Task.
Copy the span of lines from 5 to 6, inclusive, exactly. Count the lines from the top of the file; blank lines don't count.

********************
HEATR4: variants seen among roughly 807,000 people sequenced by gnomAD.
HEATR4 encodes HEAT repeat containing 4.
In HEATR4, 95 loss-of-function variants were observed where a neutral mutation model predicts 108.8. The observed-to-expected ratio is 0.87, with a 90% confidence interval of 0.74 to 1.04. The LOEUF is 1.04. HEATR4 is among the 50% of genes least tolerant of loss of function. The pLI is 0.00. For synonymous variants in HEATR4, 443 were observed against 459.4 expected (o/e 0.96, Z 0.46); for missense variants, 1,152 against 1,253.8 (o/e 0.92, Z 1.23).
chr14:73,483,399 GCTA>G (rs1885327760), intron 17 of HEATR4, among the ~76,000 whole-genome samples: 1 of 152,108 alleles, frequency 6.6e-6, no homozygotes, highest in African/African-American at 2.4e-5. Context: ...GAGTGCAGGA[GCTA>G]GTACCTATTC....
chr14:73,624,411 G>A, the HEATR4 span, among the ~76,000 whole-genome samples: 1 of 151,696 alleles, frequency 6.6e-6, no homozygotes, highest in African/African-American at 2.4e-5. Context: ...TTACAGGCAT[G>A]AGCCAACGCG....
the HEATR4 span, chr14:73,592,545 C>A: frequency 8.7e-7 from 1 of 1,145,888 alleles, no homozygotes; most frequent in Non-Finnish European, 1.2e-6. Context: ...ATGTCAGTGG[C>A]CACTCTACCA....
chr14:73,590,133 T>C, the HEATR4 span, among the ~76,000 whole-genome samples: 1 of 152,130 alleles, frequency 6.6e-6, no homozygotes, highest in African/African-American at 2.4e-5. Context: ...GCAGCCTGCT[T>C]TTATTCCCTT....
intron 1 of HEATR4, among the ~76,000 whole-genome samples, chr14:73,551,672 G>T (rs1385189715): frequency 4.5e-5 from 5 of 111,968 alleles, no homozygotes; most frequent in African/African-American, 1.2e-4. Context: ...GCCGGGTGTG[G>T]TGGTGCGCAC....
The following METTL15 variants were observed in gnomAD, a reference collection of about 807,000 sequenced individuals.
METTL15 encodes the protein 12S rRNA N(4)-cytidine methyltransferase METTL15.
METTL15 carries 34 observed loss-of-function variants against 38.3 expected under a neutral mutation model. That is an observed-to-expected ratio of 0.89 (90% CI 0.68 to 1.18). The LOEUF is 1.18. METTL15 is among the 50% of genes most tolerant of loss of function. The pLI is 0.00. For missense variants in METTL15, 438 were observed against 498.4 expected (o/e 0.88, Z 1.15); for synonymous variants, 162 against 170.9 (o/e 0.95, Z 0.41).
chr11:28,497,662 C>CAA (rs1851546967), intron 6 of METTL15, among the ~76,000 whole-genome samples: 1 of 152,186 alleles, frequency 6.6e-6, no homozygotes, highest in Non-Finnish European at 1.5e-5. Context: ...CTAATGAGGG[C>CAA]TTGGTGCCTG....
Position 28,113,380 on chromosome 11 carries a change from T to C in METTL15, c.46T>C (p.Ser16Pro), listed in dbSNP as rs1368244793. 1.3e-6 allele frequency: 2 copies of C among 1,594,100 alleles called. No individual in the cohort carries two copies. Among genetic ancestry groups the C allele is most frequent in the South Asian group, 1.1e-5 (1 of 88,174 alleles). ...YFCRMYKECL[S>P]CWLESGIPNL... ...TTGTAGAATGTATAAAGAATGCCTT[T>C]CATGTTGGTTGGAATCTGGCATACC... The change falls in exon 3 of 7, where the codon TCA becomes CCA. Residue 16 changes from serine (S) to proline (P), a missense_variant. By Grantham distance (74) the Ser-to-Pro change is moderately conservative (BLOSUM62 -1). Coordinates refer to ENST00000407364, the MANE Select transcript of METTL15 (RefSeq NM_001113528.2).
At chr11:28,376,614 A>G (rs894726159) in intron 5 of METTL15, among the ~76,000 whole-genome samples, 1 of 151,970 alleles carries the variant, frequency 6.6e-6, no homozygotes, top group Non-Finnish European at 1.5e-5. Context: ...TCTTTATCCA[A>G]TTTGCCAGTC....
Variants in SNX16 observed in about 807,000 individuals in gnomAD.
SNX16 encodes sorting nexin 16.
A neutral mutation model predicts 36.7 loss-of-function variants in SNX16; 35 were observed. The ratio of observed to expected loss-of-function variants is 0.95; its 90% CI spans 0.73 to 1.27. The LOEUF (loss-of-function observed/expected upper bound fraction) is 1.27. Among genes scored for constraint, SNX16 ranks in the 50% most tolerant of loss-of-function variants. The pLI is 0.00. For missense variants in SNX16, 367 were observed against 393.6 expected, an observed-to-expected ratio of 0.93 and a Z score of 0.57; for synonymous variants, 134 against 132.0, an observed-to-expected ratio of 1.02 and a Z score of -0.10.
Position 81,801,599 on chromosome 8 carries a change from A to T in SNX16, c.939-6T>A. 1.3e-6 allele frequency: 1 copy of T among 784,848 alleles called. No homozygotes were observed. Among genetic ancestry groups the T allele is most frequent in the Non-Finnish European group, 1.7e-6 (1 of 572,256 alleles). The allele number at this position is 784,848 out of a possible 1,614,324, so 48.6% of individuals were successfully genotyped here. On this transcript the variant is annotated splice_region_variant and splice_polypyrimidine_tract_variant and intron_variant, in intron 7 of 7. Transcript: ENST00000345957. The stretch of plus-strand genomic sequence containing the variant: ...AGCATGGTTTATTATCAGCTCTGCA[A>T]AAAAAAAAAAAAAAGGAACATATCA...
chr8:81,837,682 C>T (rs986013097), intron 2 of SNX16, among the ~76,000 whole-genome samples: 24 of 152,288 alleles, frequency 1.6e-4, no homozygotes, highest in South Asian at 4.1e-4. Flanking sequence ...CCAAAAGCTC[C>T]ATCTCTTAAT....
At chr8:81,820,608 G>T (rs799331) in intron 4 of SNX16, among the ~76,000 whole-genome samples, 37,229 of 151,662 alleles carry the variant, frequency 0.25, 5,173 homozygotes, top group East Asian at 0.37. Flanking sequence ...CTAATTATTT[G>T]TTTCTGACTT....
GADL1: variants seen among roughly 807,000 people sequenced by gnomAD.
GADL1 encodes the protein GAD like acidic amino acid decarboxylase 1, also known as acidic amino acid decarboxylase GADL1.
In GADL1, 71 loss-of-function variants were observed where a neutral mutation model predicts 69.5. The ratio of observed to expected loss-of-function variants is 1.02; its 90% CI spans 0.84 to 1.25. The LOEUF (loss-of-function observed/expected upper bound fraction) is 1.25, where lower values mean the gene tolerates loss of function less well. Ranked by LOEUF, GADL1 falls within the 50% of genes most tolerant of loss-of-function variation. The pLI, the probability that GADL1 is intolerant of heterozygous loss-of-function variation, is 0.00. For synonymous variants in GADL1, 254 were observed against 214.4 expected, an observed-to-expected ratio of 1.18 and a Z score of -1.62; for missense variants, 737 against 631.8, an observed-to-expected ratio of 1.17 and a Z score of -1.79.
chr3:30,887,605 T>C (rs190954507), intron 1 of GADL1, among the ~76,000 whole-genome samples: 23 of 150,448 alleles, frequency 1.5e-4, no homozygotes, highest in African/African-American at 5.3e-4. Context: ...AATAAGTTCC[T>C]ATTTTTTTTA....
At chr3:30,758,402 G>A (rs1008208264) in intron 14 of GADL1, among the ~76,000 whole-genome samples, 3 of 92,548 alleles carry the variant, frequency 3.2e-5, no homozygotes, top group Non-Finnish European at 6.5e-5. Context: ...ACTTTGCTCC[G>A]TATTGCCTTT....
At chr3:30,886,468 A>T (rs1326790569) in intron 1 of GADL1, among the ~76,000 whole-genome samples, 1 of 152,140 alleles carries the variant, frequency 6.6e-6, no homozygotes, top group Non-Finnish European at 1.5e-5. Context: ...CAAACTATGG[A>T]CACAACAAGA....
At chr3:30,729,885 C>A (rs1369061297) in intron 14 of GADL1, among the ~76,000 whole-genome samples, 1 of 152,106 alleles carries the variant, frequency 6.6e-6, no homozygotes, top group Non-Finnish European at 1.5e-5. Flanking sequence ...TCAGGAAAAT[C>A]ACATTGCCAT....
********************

chr14:73,624,411 G>A, the HEATR4 span, among the ~76,000 whole-genome samples: 1 of 151,696 alleles, frequency 6.6e-6, no homozygotes, highest in African/African-American at 2.4e-5. Context: ...TTACAGGCAT[G>A]AGCCAACGCG....
the HEATR4 span, chr14:73,592,545 C>A: frequency 8.7e-7 from 1 of 1,145,888 alleles, no homozygotes; most frequent in Non-Finnish European, 1.2e-6. Context: ...ATGTCAGTGG[C>A]CACTCTACCA....